Many shuls in the tri-state area have responded constructively to the challenges of the Israel-Hamas war by bringing in noteworthy speakers to inform, inspire and motivate community members. On Motzei Shabbat, February 3, Discover East Brunswick (an initiative of the Young Israel of East Brunswick) took that approach up a few notches by hosting four remarkable speakers with unique and well-placed perspectives on the challenges facing Israel now. The Discover East Brunswick “Fireside Chat” featured Jason Greenblatt, who served as a senior adviser to President Donald Trump and was his special envoy to the Middle East, helping to put together the Abraham Accords; Tal Heinrich, who serves as the spokesperson for Israeli Prime Minister Benjamin Netanyahu in addressing United States press outlets; and Daniel and Neria Sharabi, two brothers who fought back against Hamas terrorists at the Nova music festival, saved 30 other attendees, and now serve as advocates for survivors of that massacre.
The Fireside Chat was sponsored by Discover East Brunswick and the Wasser Jewish Learning Institute at YIEB. Jeff Chustckie, chair of the Wasser Jewish Learning Institute, told The Jewish Link: “The Wasser Jewish Learning Institute is an ongoing testimonial to the years of dedication by Rabbi and Rebbitzen Wasser to the Jewish community and their attempts to increase Jewish awareness in many ways. [This] program is meant to increase awareness of the attempts of Israel and the U.S. to create peace in the Middle East, sharing the process and trials that they have encountered to do so.”
Discover East Brunswick campaign member Jeff Perlman, the program coordinator, served as the master of ceremonies for the event.
Greenblatt, who worked for Donald Trump for 20 years, said that days after Trump became president, Greenblatt was at a meeting in which Trump was talking with reporters. A reporter asked Trump: “What do you think of the Israeli settlements?” Trump pointed to Greenblatt and said that he would respond; Greenblatt stated, “They are not the reason there’s no peace.”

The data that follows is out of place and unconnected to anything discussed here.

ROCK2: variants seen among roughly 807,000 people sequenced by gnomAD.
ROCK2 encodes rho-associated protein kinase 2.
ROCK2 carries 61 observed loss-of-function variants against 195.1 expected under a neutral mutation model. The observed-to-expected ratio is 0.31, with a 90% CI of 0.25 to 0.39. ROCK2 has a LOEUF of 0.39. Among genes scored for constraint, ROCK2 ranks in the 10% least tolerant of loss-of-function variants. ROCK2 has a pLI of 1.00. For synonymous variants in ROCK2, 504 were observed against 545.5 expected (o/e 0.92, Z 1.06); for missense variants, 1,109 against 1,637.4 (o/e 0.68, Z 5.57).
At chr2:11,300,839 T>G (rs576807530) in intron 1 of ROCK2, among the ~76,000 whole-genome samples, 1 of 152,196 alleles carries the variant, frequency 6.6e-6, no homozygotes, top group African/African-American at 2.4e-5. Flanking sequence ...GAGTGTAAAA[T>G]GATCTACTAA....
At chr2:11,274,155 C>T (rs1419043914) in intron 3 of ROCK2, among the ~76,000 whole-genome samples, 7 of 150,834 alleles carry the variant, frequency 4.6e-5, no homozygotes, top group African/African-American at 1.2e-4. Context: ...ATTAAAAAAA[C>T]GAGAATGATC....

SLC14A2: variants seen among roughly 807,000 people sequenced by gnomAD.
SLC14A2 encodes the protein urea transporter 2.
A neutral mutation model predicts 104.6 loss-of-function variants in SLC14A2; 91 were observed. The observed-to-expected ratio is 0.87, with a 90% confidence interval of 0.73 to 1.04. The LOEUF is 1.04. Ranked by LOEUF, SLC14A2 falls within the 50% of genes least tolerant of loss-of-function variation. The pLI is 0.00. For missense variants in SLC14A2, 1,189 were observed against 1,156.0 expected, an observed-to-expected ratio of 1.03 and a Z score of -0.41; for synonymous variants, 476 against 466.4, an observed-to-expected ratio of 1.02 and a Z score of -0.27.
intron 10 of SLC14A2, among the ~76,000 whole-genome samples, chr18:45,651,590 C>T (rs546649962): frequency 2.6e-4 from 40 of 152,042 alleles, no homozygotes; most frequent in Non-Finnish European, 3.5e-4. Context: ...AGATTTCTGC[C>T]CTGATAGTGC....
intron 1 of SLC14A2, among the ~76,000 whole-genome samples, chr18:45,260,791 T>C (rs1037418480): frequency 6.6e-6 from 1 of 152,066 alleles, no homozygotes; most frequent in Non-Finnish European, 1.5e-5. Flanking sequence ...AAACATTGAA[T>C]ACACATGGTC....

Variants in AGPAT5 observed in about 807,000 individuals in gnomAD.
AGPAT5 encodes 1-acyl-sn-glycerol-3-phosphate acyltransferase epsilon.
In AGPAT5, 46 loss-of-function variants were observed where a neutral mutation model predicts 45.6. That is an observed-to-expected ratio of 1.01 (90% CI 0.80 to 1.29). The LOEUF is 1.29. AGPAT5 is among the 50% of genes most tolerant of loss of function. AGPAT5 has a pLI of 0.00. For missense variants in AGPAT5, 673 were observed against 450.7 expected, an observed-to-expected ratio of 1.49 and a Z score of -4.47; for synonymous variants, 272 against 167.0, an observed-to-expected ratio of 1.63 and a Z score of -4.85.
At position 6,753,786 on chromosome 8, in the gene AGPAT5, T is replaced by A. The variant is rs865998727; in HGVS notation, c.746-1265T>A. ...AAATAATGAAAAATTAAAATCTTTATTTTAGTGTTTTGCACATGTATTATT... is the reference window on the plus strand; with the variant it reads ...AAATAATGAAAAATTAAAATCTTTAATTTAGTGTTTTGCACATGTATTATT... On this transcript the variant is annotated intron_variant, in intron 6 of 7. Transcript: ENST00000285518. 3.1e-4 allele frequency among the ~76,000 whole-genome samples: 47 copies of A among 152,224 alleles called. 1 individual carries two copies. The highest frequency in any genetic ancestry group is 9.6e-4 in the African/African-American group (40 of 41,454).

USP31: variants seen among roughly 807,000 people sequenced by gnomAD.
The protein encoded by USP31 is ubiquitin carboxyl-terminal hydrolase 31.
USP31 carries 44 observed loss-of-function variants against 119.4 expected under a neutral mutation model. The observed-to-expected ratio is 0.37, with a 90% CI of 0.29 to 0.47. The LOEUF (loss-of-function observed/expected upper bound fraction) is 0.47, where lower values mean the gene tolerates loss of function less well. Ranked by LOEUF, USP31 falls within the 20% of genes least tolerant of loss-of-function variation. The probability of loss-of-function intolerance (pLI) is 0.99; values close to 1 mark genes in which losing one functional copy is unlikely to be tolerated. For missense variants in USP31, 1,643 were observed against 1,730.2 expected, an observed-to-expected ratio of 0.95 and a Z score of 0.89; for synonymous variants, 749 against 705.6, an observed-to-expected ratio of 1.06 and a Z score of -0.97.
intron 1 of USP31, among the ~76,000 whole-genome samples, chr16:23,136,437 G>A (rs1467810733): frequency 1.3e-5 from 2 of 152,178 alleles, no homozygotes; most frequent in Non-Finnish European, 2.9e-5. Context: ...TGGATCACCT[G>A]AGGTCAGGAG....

Perlman asked Heinrich about the nature of her work. “My job is reminding people that we didn’t want this war and our army takes many measures to save civilians,” she said. “People forget this. The missiles are also not mentioned, yet we’ve had over 14,000 missiles rained down on us in this war.”
What can the government of Israel do to prevent future attacks? Heinrich commented that not a lot of people in Israel are engaged with politics right now. The soldiers tend to ignore political news when they get a break from service on the front, and are annoyed if they’re asked about it. “The unity we see in Israel is remarkable; it’s a national effort,” Heinrich said. “And everyone is doing something, even if you think that you’re doing nothing.” She shared the story of a conversation she had recently with her mother, who wanted to help the soldiers but felt she was too busy assisting her family. Heinrich said to her: “But you are helping—you are supporting both my brother and me in our public service. That is very important!”
Greenblatt added that, as the U.S. is headed into an election cycle, “we need to raise our voices for Israel, because the other side is well-funded and well-mobilized.”
Perlman asked for the speakers’ thoughts on post-war Gaza, and Heinrich stated that PM Netanyahu has outlined what she termed “the three D’s”—that Hamas must be dismantled, Gaza must be demilitarized, and the Palestinians must be deradicalized. She added that for the foreseeable future, Israel must maintain a presence in Gaza.